CHURCHLAND: And it turned out, there was an answer. And the answer, largely speaking was very simple. And that is that oxytocin and vasopressin played a different role in the brains of the prairie voles and the montane voles. Very specifically, the answer was this. Upon oxytocin needs to bind to a neuron in order to have an effect. And what it binds to is called a receptor. And what was found was that the density for receptors of oxytocin into very specific places in the brain were different in prairie voles and montane voles. And you could change this social behavior by changing the density of receptors. Now, there probably are other elements involved. But what this meantime to me was that a behavior that I had thought of as within the moral domain and a behavior that people would speak of as supported by or instituted by religion as independent of our biology, namely, monogamy, was actually seen in these animals and seen because of very specific aspects of their biology. So I began to think maybe that's true of us. Maybe there are aspects of highly social animals that have to do with the configuration of oxytocin and vasopressin and their receptors that make us care. Now, how exactly we care is going to depend on what we learn from our culture. And it will be steered in one direction or another direction.
MAUREEN CAVANAUGH: This is fascinating. I'm speaking with Patricia Churchland, and she -- and about her new book called brain trust, what neuroscience tells us about morality. We're taking your calls, if you'd like to join this conversation at 1-888-895-5727. You're call aid pioneer in this field of neurophilosophy. When you say you've put this together, this finding from the world of biology that these voles operated in different ways because of a hormone in their brains, are you basically the first person who has sort of put this together and saying, look, monogamy in human beings we think of as a rather high moral value, and here it is because of a hormone in a vol's brain. So where -- how do you put that together?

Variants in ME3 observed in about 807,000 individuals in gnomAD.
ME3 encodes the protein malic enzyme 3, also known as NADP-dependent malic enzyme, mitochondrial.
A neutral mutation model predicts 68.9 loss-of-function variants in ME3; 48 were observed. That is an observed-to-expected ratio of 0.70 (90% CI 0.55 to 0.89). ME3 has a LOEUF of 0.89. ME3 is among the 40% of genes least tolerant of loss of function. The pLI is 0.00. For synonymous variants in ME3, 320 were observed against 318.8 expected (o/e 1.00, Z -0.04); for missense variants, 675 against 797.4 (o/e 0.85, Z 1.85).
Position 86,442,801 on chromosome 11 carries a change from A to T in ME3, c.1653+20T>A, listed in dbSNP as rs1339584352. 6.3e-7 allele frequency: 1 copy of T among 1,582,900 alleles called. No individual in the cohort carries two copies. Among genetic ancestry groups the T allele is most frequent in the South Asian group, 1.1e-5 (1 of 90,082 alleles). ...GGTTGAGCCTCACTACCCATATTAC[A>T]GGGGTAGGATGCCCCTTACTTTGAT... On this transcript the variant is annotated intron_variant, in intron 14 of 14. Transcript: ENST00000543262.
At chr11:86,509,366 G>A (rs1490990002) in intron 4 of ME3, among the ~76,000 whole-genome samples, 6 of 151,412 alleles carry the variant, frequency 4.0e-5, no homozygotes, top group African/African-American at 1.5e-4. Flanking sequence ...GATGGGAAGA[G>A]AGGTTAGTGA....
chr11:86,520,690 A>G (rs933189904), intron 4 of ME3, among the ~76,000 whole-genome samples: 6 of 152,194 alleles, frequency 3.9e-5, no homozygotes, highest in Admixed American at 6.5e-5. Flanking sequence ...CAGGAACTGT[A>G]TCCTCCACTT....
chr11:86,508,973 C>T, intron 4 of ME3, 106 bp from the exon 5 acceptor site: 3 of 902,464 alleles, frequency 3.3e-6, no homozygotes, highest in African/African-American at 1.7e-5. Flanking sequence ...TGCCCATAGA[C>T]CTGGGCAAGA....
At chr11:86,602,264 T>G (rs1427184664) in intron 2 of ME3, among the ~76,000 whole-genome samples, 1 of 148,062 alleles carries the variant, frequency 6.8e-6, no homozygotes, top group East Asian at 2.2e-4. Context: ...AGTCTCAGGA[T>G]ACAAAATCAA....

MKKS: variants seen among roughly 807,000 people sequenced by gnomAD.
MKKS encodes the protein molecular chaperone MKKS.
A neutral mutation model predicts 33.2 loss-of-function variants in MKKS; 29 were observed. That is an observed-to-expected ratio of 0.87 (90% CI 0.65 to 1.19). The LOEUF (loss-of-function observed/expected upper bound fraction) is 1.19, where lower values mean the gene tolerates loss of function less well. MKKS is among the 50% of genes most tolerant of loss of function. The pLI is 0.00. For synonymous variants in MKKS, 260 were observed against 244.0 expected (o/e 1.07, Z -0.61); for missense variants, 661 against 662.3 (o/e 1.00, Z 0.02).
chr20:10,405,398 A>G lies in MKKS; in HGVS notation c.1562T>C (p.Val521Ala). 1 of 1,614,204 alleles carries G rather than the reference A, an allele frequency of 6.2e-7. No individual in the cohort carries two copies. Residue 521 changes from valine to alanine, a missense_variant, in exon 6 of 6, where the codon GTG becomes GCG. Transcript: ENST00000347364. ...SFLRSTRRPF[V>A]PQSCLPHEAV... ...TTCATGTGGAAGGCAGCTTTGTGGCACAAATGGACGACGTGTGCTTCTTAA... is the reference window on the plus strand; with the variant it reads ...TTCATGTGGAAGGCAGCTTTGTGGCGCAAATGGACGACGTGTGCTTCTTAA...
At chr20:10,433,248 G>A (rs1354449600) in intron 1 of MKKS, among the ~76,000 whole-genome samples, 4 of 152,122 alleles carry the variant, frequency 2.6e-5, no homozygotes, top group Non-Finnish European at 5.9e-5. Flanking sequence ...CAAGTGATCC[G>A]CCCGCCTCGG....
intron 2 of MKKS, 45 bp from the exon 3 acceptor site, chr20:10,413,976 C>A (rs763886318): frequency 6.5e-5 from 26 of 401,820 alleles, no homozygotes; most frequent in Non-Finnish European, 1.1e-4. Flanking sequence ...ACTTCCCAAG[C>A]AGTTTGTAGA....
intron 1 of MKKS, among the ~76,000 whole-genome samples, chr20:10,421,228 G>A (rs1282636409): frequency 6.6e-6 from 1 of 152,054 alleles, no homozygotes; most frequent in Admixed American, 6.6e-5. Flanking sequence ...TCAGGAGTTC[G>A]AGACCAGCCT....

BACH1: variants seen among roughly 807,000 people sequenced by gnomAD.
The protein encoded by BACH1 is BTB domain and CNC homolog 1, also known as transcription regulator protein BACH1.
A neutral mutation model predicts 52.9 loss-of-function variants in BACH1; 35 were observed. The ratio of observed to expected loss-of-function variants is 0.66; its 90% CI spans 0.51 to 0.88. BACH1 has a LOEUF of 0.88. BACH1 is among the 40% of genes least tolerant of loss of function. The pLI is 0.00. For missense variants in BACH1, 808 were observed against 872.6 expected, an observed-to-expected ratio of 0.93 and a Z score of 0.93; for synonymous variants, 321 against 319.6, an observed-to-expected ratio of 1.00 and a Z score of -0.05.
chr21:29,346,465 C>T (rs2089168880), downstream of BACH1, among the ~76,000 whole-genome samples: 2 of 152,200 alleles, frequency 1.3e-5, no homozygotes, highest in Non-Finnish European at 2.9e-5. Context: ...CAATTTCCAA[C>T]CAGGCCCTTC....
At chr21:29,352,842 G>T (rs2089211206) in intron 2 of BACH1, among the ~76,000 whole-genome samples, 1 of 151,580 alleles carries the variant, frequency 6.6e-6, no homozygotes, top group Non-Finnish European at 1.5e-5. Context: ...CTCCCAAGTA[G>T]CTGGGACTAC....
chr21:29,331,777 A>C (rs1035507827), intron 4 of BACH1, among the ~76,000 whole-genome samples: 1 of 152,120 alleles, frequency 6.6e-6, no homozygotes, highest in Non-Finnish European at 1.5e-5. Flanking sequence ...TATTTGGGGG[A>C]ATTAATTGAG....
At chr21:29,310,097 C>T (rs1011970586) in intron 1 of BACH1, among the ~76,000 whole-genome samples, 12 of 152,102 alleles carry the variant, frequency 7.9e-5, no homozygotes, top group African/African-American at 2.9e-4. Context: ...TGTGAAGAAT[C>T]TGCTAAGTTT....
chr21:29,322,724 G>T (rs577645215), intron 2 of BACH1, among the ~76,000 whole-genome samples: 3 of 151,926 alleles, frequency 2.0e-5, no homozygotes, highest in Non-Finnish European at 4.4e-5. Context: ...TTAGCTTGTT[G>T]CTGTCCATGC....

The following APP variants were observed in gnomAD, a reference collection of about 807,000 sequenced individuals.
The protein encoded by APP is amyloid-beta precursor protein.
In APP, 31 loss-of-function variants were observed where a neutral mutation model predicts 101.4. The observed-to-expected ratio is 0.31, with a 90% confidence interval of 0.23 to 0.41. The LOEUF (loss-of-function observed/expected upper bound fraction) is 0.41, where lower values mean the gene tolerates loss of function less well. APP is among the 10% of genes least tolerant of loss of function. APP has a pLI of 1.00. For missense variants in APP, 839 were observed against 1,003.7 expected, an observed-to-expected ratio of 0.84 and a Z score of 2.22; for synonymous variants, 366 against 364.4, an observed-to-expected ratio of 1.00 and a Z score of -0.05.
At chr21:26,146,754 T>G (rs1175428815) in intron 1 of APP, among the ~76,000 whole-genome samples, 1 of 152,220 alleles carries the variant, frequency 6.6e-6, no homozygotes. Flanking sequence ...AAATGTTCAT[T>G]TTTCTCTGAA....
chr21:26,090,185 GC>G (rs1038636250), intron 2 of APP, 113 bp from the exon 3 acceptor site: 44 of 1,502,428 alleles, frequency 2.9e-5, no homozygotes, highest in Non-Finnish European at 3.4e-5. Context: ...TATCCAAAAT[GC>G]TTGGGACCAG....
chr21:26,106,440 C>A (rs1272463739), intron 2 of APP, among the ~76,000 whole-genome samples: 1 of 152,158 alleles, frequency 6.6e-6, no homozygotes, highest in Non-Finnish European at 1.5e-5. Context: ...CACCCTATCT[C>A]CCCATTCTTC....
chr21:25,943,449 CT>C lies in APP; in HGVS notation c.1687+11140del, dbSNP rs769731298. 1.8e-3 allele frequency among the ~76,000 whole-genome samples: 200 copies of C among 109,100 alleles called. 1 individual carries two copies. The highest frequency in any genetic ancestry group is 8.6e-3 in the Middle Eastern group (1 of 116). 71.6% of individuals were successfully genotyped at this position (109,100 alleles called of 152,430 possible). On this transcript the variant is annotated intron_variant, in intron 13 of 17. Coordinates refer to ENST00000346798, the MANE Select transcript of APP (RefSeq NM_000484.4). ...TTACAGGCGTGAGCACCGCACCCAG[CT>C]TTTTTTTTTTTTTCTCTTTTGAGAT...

CHURCHLAND: Well, it was a big clue for me that certain aspects of morality can turn out to depend on these very deep values that have to do with caring. And that it -- especially in the case of mammals in contrast to, say, ants, we also have this really remarkable capacity to learn. And the reward system is acutely tuned to learning social practices, social conventions, and so forth. And that's because they are tremendously important for how the group manages to survive. So if we think of human ancestors that lived roughly 250000 years ago in very small groups, what we probably saw was caring relationships, first of all, for off spring, for mates, for kin, but also for affiliates because there can be really quite strong bonds that form, again, probably regulated by oxytocin and vasopressin between affiliates. And so there would be very strong bonding amongst members of the group. But there would also be -- and we can see this in other primates in other humans, [CHECK] ostracize those that cause social havoc or are a danger to individuals within the group. So sometimes in a baboon society, for example, they will simply run out of the troop, an individual who is constantly misbehaving himself.